Faculty Advisor

Daniel J. Dougherty

Faculty Advisor

Joshua Guttman

Faculty Advisor

George Heineman

Faculty Advisor

John D. Ramsdell

Faculty Advisor

Craig Wills

Identifier

etd-043015-110044

Abstract

This thesis presents a framework for understanding first-order theories by investigating their models. A common application is to help users, who are not necessarily experts in formal methods, analyze software artifacts, such as access-control policies, system configurations, protocol specifications, and software designs. The framework suggests a strategy for exploring the space of finite models of a theory via augmentation. Also, it introduces a notion of provenance information for understanding the elements and facts in models with respect to the statements of the theory. The primary mathematical tool is an information-preserving preorder, induced by the homomorphism on models, defining paths along which models are explored. The central algorithmic ideas consists of a controlled construction of the Herbrand base of the input theory followed by utilizing SMT-solving for generating models that are minimal under the homomorphism preorder. Our framework for model-exploration is realized in Razor, a model-finding assistant that provides the user with a read-eval-print loop for investigating models.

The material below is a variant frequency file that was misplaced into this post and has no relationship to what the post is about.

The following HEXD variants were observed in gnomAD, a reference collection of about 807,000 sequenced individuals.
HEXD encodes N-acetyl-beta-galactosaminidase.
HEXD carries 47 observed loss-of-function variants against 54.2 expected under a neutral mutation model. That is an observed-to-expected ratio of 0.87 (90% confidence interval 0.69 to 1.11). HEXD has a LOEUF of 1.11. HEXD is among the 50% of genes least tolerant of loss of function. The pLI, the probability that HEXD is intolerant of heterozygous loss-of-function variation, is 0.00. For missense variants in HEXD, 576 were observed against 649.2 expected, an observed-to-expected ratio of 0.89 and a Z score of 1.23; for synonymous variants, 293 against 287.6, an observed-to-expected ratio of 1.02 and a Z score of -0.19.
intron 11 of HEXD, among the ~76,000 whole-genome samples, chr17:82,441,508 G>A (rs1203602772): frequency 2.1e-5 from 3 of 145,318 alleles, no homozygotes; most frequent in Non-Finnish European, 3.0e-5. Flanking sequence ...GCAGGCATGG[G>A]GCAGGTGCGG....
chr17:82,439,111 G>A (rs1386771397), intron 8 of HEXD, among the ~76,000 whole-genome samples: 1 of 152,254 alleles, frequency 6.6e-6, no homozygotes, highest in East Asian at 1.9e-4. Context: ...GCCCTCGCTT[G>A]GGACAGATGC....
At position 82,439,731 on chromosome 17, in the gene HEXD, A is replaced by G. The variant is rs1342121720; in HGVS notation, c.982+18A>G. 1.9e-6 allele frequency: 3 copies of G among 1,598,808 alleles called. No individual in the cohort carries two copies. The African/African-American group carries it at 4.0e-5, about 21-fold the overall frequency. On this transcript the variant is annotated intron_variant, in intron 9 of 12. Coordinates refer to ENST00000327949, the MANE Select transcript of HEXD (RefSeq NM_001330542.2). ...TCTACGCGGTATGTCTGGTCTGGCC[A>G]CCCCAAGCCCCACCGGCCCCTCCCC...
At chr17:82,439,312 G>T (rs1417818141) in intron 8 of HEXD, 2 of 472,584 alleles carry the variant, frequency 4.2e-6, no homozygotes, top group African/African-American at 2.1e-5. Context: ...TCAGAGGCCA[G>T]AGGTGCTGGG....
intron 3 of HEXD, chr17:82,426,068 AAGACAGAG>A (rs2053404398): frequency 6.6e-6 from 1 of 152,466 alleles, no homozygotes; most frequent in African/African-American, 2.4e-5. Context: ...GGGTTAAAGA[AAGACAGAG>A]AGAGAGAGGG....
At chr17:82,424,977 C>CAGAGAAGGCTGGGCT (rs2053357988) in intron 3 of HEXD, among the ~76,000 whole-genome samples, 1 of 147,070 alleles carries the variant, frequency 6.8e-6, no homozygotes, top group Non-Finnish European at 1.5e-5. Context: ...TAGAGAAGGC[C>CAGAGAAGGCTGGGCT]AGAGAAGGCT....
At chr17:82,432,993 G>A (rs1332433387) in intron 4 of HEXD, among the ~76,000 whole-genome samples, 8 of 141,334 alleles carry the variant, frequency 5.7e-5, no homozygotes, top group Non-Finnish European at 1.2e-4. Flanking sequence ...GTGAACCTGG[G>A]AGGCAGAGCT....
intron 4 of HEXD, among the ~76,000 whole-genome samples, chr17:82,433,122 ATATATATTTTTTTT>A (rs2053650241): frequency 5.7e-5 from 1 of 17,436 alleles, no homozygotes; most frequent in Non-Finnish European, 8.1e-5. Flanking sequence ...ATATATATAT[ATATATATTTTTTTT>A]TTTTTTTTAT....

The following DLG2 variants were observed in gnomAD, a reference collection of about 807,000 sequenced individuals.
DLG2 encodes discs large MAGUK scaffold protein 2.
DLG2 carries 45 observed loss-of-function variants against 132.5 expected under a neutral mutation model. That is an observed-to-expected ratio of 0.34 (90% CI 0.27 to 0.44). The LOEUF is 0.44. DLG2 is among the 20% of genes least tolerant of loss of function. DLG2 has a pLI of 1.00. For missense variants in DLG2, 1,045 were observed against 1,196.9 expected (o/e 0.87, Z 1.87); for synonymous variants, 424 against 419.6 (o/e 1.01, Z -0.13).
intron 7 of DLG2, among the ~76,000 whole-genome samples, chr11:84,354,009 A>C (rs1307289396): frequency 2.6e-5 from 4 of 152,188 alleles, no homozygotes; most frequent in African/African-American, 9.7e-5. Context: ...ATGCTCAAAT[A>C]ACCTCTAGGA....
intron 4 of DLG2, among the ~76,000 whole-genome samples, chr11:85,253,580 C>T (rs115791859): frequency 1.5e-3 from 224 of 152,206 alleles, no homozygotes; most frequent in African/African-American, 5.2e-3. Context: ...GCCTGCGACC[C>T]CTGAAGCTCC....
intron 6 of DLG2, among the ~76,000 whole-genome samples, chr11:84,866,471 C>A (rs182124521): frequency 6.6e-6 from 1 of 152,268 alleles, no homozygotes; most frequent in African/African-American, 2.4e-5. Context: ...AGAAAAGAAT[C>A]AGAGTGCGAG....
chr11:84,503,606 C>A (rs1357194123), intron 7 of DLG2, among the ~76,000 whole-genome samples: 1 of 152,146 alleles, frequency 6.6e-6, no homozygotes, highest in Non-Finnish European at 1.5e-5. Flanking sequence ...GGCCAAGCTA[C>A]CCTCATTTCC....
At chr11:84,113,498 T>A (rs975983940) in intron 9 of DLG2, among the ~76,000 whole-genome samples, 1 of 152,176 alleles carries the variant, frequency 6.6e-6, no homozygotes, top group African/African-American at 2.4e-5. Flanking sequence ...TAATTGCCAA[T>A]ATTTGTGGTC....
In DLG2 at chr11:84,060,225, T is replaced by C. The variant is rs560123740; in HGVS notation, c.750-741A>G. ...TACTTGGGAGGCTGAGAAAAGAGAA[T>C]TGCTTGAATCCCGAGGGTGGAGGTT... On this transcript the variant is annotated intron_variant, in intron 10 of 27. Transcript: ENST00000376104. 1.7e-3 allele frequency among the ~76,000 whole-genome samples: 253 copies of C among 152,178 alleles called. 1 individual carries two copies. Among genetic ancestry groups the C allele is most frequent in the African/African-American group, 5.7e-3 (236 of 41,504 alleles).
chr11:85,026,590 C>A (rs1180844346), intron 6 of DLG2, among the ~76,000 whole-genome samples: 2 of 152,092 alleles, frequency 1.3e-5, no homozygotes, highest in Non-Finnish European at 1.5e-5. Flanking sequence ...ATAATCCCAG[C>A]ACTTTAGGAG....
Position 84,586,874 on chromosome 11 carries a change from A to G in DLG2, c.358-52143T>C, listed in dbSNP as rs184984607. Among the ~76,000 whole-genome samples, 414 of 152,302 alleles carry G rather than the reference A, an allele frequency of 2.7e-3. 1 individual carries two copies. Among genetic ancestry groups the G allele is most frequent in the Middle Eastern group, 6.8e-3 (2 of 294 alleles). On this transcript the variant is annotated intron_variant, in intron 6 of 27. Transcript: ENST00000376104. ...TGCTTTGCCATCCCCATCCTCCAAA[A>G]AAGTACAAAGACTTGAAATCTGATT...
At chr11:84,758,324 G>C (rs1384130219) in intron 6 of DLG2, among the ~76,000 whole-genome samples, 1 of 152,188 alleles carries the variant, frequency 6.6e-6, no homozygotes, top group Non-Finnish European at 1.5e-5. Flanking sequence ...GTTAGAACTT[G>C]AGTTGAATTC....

Publisher

Worcester Polytechnic Institute

Degree Name

PhD

Department

Computer Science

Project Type

Dissertation

Date Accepted

2015-04-30

Accessibility

Unrestricted

Subjects

exploration, finite model-finding, first-order logic, provenance information, Chase, Geometric Logic, Razor, Aluminum

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